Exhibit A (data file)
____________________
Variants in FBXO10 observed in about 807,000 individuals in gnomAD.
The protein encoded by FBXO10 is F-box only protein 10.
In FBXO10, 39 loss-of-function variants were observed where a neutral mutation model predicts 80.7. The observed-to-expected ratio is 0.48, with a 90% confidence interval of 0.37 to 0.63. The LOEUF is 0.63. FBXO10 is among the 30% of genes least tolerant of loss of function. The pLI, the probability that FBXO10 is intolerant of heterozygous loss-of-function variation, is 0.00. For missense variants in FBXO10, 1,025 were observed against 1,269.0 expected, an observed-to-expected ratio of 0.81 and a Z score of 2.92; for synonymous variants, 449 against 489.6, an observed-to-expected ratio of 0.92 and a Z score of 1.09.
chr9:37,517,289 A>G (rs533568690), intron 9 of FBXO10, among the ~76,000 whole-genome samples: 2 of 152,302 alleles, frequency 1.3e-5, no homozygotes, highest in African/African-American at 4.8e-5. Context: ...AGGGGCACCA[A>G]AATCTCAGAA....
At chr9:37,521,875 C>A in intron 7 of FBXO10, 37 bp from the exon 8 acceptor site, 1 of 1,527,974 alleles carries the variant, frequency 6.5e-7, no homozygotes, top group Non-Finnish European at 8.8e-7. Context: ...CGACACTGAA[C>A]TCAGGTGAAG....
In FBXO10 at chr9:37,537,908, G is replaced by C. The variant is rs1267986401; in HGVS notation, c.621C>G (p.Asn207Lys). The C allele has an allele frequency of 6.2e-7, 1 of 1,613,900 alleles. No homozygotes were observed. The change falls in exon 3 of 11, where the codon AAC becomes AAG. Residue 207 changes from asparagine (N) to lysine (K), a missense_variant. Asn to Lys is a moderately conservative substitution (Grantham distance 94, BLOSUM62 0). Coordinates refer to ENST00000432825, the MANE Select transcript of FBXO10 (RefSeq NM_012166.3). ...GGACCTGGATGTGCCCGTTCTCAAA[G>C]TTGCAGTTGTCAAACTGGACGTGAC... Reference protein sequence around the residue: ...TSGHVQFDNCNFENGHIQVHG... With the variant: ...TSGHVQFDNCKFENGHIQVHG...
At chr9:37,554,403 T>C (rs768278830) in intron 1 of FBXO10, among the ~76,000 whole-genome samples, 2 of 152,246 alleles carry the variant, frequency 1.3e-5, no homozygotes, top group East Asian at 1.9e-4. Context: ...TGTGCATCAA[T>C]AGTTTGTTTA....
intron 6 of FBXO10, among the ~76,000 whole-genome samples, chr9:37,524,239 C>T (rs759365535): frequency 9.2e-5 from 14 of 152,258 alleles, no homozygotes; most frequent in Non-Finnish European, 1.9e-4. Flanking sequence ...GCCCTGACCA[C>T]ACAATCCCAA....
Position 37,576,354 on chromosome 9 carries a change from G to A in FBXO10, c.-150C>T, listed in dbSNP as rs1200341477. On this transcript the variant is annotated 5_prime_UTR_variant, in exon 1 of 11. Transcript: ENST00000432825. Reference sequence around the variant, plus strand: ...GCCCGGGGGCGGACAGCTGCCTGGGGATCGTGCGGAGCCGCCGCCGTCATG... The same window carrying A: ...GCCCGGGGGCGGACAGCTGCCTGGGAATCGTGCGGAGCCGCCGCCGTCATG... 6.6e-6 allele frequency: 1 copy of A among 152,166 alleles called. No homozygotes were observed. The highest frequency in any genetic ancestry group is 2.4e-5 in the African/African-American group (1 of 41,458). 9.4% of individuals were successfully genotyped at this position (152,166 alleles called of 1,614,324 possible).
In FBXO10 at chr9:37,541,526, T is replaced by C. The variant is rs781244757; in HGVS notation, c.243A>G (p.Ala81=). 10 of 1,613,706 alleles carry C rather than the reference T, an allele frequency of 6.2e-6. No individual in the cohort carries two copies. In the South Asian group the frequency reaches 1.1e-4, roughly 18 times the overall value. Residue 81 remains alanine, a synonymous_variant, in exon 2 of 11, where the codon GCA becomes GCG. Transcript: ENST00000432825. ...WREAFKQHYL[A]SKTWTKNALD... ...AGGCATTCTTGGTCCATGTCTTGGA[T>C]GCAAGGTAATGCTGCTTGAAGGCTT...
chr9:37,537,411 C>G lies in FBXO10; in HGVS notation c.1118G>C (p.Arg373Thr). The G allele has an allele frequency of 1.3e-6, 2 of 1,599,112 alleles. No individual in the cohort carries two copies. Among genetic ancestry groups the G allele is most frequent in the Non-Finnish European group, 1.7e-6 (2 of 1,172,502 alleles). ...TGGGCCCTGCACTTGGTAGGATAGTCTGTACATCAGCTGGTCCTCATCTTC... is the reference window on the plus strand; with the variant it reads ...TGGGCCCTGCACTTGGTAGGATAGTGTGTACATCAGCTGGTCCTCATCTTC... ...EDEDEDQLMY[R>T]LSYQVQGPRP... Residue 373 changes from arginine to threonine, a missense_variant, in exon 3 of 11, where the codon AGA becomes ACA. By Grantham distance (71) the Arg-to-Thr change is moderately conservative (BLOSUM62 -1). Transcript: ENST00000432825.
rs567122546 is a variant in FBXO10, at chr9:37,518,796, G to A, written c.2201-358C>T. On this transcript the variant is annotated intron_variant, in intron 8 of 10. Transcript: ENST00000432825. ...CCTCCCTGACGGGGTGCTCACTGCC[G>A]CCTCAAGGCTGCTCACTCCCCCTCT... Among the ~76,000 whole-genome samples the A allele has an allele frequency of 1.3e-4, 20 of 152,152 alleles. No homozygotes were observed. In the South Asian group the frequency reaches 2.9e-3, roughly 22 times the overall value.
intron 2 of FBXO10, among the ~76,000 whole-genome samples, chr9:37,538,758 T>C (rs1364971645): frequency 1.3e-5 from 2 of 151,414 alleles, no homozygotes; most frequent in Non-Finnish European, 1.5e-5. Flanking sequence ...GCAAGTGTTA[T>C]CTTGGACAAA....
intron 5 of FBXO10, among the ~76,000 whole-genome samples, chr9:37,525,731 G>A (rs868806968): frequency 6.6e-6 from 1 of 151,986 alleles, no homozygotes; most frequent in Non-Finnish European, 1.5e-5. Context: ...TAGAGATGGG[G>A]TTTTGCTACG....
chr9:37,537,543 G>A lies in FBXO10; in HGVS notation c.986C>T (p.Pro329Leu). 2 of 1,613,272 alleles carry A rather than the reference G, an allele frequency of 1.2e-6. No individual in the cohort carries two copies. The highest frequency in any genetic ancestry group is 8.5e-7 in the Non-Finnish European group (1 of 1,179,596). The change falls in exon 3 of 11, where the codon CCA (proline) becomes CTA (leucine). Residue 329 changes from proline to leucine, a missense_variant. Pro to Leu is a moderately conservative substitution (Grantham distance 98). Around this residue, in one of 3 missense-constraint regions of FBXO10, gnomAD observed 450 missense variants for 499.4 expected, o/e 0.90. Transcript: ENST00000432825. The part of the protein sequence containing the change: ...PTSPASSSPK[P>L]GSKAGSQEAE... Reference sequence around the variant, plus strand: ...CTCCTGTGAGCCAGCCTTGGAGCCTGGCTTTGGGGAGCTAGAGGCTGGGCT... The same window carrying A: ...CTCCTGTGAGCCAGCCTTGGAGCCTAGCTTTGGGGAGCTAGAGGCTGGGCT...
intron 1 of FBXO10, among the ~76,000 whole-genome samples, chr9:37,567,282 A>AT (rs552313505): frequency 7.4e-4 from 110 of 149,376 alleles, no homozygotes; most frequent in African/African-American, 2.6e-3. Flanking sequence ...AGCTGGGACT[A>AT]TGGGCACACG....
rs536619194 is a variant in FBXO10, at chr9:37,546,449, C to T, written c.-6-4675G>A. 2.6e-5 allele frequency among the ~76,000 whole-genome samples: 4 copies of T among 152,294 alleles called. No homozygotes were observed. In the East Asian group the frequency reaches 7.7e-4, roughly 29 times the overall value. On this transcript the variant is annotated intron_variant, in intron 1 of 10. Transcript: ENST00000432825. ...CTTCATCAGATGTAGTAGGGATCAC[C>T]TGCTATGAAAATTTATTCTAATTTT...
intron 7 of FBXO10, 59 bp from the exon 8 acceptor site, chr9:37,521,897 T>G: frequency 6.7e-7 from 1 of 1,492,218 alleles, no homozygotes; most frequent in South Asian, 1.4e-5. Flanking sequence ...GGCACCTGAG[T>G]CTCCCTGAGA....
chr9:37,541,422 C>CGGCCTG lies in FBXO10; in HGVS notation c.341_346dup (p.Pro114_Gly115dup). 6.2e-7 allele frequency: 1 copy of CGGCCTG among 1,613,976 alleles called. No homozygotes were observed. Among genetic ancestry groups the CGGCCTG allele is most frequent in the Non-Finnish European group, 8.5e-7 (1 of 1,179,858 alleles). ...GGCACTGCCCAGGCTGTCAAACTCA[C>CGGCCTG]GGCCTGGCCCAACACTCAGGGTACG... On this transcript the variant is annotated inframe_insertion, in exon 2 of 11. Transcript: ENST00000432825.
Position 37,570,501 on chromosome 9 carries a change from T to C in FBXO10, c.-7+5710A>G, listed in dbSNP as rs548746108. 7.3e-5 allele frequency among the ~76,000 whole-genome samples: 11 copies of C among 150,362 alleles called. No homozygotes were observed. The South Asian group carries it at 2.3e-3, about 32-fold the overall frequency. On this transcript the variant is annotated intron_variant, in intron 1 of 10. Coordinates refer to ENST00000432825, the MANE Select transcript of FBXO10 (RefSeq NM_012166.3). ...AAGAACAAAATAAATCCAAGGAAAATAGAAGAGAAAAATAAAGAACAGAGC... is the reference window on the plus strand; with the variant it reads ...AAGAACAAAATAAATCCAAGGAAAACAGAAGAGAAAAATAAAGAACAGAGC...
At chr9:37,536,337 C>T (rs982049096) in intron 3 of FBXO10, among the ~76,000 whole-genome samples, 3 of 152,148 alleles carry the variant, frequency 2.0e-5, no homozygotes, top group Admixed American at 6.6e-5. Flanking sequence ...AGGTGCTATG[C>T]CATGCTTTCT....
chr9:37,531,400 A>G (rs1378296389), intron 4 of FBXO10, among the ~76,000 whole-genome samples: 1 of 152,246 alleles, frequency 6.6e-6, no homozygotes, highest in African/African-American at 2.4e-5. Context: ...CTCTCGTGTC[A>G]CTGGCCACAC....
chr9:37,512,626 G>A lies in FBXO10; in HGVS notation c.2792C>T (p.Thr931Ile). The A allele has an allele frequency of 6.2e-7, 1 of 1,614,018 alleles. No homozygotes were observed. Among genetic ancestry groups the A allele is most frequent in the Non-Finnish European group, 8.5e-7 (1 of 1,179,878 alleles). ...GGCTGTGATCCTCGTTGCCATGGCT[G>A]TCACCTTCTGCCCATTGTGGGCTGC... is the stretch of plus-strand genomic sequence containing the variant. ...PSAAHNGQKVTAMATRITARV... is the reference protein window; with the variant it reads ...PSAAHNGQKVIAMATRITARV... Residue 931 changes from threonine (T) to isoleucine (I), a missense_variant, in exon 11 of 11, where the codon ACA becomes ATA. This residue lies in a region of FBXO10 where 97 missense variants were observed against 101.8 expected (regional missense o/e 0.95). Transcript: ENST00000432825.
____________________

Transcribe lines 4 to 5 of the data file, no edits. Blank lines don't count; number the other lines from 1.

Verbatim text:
chr9:37,517,289 A>G (rs533568690), intron 9 of FBXO10, among the ~76,000 whole-genome samples: 2 of 152,302 alleles, frequency 1.3e-5, no homozygotes, highest in African/African-American at 4.8e-5. Context: ...AGGGGCACCA[A>G]AATCTCAGAA....
At chr9:37,521,875 C>A in intron 7 of FBXO10, 37 bp from the exon 8 acceptor site, 1 of 1,527,974 alleles carries the variant, frequency 6.5e-7, no homozygotes, top group Non-Finnish European at 8.8e-7. Context: ...CGACACTGAA[C>A]TCAGGTGAAG....